I’ve had dreams of vast, brown plains sprawling with dense thickets; mountains and their shadows sheltering teaming communities of wild animals.
Somewhere, out there in South Africa, the Great Karoo is enduring, standing the test of time despite the invasion of the human race.
Along the Eastern Cape’s coast, Addo Elephant National Park boasts unforgettable big five experiences. Lying further inland, the area surrounding the old town of Graaff-Reinet is rich in biodiversity, hosting the Camdeboo National Park, while just a bit farther east, one can explore the peaks of Mountain Zebra National Park.
Our journey takes us between the mountains south of the Camdeboo, to a thriving Karoo paradise known as the Samara Mara.
You’d be forgiven for assuming that Samara Private Game Reserve has been untouched for millennia, hosting the majestic and elusive creatures that make the Karoo so intriguing. However, as its rangers point out, the land remains littered with the evidence of the decimation caused by sheep farming in the region.
Samara is first and foremost a restoration project, aiming to rejuvenate a 27 000-hectare area of the Great Karoo. Just three hours from Port Elizabeth International Airport, its accessibility belies its sense of remoteness.
The owners have, in consultation with SANParks and other advisors, restored indigenous wildlife and vegetation to the plains and mountains that make up the majority of the reserve. It now hosts healthy populations of giraffe, wildebeest, buffalo, two species of zebra, and several iconic species of antelope.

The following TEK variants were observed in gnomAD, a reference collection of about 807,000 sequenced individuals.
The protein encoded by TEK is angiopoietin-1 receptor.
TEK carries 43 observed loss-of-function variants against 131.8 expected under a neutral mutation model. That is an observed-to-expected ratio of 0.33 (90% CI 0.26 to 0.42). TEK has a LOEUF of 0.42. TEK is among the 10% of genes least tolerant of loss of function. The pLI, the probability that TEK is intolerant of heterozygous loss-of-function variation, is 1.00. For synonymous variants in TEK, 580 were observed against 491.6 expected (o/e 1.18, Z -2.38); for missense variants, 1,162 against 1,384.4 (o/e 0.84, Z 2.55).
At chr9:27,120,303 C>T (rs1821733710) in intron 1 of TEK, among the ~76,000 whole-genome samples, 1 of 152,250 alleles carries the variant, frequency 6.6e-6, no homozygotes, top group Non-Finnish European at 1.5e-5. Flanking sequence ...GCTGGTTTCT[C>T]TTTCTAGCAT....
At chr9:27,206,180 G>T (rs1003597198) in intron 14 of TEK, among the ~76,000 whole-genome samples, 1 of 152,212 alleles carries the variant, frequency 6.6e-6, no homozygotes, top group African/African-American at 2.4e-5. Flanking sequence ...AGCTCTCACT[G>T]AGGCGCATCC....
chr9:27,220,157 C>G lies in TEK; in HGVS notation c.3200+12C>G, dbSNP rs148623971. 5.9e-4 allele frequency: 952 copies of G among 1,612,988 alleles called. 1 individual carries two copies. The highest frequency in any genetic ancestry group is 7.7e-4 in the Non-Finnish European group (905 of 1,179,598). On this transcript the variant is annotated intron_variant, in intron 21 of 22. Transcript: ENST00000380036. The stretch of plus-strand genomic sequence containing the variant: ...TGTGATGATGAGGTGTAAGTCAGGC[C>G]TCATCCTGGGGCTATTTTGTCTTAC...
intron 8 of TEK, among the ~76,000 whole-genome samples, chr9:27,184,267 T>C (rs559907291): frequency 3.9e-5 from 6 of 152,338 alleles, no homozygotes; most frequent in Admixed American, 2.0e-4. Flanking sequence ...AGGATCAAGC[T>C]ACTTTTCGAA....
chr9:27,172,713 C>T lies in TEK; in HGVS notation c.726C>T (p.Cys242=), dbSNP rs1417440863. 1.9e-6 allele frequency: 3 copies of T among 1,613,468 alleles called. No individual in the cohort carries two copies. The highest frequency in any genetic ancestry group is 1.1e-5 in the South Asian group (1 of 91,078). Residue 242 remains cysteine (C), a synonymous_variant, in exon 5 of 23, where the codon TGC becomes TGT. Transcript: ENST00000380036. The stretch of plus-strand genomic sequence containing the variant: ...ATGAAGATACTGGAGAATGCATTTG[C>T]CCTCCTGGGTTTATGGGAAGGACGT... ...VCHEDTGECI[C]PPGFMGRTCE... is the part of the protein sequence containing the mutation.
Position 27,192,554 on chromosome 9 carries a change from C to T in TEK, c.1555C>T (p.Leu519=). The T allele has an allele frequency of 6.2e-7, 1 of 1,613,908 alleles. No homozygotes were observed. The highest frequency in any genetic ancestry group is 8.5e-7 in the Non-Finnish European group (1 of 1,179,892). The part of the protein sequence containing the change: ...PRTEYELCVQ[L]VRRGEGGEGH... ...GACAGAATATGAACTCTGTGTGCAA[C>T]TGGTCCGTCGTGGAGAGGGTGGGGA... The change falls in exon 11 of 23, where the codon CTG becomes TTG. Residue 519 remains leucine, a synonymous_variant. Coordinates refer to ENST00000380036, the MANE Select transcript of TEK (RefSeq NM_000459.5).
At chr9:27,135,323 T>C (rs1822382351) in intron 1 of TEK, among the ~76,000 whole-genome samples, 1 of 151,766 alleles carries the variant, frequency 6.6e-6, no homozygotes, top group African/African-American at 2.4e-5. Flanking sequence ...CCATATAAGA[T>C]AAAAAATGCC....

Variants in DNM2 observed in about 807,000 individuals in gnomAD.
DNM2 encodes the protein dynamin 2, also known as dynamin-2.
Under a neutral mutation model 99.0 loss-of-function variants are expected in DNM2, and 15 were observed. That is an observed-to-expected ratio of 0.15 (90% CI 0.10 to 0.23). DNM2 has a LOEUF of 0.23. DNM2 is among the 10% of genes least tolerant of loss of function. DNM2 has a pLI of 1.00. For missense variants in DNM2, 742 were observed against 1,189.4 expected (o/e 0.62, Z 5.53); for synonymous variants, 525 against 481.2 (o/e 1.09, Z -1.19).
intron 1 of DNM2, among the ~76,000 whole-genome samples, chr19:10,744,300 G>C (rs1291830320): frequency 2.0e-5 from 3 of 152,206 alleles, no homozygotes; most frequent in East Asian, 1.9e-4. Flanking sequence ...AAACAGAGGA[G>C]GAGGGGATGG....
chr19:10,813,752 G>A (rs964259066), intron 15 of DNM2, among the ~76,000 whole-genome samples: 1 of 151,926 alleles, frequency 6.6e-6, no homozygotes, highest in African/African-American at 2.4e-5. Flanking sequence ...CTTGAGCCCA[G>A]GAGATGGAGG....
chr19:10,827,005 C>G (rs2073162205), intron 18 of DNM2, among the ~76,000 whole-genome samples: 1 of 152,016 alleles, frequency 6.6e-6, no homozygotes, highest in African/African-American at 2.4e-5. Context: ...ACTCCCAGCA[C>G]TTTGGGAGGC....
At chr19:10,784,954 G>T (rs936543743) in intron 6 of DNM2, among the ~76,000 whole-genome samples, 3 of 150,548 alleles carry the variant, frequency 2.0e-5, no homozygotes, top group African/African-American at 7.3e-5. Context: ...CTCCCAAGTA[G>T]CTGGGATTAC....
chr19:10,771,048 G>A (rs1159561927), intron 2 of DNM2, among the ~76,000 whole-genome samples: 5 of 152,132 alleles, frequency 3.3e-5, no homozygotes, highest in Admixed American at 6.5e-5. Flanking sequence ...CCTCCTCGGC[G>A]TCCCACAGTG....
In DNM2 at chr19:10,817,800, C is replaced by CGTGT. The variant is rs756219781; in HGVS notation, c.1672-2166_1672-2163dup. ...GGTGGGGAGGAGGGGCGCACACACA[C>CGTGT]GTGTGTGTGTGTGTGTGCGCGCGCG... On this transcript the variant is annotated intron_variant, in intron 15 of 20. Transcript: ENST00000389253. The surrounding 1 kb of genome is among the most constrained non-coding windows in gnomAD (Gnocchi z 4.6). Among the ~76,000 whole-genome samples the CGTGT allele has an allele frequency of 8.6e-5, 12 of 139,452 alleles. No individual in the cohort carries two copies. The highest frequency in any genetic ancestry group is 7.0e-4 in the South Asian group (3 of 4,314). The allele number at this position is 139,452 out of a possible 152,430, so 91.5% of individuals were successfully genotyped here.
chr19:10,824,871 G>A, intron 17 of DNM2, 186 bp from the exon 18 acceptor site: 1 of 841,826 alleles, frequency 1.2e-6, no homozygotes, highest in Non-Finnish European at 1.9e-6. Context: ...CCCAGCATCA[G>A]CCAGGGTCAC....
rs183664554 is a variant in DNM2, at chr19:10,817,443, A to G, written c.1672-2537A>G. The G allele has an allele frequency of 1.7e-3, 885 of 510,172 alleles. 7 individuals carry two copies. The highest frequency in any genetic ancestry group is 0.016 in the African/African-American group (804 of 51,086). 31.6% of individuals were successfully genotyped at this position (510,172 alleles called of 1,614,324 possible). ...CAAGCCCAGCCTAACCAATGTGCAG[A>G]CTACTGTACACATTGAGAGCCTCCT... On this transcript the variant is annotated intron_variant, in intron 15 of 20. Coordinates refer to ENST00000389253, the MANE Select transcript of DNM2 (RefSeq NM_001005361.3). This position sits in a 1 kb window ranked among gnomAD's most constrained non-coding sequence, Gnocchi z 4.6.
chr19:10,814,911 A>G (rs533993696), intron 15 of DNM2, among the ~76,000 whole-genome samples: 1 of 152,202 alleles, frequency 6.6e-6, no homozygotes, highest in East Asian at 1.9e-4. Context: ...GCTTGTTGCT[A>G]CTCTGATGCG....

The smaller species are hunted by the reserve’s dozen-or-so cheetah, while jackal, foxes and the elusive brown hyena prowl in the shadows.
Samara is also a haven for dozens of bird species, ranging from swooping black eagles and peregrine falcons to towering ostriches and secretarybirds.
The absence of the big five can hurt any private reserve, but Samara has made up for this gap in the ecosystem by promoting its quirky ‘Funny Five’, made up of the mischievous vervet monkey, the peculiar but elegant giraffe, the beastly warthog, the easily-bewildered wildebeest, and the inexplicably-designed aardvark.
Samara’s wealth is in its animals, and they cover every square centimetre of the reserve.
No genuine Karoo experience would be complete without a stay in an authentic, time-worn 1800s building, and Samara’s Karoo Lodge ticks all the boxes.
Its’ got the comfort, the rustic, antique decor, the spectacular views, and even that homely smell that only time can imbue. Communal areas are tastefully decorated and make one feel as if they’re visiting a real Karoo home, and not simply a room for the weekend.
By far the lodge’s greatest feature, however, is its staff – the warmest, most earnestly-helpful people you could come across. If there is such a thing as famous Karoo hospitality, it’s being sold by the tonne at the Karoo Lodge.
From housekeeping to rangers, everyone seems genuinely happy to be doing their jobs, and it’s a joy that reflects right onto Samara’s guests.
From the moment you arrive, you’re treated like royalty – the hassles of daily life are thrown off, and relaxation takes centre-stage. Baths are run every evening, and someone’s on call at all hours to bring you your nightcap, or the best hot chocolate you’ve ever had.
The lodge is completed by a pool and lapa braai area, and a couple of resident leopard tortoises that munch the days away.